AT&T, T-Mobile deal may face challenges from FCC

FCC won\'t rubberstamp AT&T, T-Mobile deal
FCC won't rubberstamp AT&T, T-Mobile deal

We were all a bit shocked by the news that AT&T wants to buy T-Mobile and reports suggest this won’t just be rubber-stamped by the FCC.

An FCC spokesperson said that it would be a “steep climb” for the deal to go through, according to the Wall Street Journal. The deal would make AT&T the largest carrier in the nation with the addition of the 34 million T-Mobile subscribers. This would also give AT&T-Mobile a near monopoly on the GSM market in the United States.

If the FCC were to approve the AT&T, T-Mobile deal, it would likely require multiple conditions including divestitures. In particular, the publication speculates that a mobile data roaming agreement may be enforced.

The FCC currently requires carriers to offer voice call roaming to rivals but haven’t required the same for data traffic. Smaller phone companies have been calling for data roaming rules for several years over the objections of larger carriers. Data traffic is growing at a faster rate rate than voice traffic, as more people use smart phones to access the web.

The FCC has actually been pretty nice to the mobile industry during the Obama administration, as it has implemented “shot clocks” for the building of new cell towers and it is trying to free up 500 MHz of spectrum for mobile usage. It will be interesting to watch how it approaches the AT&T, T-Mobile deal.

Sprint has already complained about the deal and asked regulators to take a deep look at it. The third-largest carrier believes this would dramatically alter the mobile landscape and put too much power in the hands of AT&T-Mobile and Verizon.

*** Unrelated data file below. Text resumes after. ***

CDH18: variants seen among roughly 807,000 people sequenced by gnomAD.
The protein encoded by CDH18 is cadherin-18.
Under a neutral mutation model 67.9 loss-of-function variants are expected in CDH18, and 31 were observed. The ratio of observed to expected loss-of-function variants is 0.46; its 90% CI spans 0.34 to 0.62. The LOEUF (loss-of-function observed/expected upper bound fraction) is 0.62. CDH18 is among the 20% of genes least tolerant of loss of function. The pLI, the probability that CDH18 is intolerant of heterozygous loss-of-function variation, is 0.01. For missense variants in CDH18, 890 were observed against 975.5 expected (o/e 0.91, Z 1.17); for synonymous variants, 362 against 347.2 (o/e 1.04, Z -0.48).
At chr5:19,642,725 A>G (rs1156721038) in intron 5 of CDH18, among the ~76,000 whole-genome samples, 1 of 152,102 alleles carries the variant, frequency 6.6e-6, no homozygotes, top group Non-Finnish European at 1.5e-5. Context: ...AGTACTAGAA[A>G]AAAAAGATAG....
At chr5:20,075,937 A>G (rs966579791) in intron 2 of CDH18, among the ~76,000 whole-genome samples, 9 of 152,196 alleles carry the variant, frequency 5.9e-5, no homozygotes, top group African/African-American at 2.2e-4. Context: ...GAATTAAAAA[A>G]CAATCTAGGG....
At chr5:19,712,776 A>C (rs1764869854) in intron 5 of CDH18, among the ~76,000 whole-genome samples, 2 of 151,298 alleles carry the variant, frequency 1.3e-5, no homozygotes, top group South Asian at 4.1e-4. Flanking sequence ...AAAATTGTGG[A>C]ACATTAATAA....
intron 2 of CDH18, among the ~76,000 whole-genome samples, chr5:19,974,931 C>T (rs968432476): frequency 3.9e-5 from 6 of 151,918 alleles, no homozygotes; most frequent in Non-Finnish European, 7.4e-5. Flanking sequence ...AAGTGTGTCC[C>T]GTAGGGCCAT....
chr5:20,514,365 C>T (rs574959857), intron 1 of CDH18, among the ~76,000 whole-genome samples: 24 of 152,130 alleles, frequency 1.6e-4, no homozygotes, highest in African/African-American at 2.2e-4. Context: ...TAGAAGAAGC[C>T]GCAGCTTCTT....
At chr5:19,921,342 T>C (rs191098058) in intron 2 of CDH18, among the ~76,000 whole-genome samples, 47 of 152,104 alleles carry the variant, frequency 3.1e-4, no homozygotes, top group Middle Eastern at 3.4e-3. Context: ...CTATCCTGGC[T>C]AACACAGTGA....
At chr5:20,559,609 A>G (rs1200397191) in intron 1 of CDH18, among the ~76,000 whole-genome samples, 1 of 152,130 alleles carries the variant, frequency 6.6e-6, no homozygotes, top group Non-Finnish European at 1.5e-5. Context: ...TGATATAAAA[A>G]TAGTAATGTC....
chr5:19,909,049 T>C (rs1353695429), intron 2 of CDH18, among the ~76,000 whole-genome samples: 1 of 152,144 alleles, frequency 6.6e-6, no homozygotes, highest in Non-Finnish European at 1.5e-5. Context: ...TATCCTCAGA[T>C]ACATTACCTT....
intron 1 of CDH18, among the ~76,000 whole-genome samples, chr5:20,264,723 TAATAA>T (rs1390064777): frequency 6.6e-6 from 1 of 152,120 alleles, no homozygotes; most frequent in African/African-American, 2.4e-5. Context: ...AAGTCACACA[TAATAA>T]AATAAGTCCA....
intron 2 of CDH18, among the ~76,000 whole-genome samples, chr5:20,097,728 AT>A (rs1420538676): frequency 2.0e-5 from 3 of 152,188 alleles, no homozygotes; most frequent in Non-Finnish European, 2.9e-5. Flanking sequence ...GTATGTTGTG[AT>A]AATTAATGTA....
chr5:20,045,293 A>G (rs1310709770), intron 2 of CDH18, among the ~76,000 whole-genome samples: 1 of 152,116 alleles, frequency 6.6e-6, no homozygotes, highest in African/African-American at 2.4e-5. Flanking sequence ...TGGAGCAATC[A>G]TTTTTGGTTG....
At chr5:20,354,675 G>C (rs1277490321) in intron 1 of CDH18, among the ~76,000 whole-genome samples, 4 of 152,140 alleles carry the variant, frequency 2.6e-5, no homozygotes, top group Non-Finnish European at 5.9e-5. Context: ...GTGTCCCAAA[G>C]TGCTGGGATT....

The $39 billion AT&T purchase of T-Mobile is going to be the story of the year folks, so you can be sure that we’ll give you the latest twists and turns. Be sure to let us know what you think about it in the comments.

[Via The Wall Street Journal]

  • Noemailprovided

    This Merger could be illegal under Sherman Antitrust & H.S.R. Antitrust acts, unless the DoJ is in bed with these players. It fails the market “concentration” test. A&T represent a dominant concentration of GSM technology. Throwing Sprint, Verizon & other small players into the “concentration” calculation is cheating the intent of the law & ignoring established legal precedences. GSM is the “market” to be analyzed not “cell phones.” Consider this analogy … can GE NBC acquire a dominant concentration of TV frequencies based on the argument that satellite TV, cable TV & IP streaming TV are a part of the market concentration calculation. A&T merger creates a GSM monopoly. GSM is the most widely used global cell phone technology. Translations … 1. US businesses with international travel considerations will have few choices, 2. Equipment manufacturers will continue to be locked to a technology, 3. US consumers will not have competitive access to hardware & software that African, Asian, European, Middle Eastern & South American’s have been utilizing since the 90s. This does not appear to be about infrastructure investment limitations. That can be easily over come with the concept of “sharing”. Power utilities & the Bell conglomerate were forced to learn it. This is about maintaining a protocol dominance that is the basis for monopoly in the US mobile phone industry.

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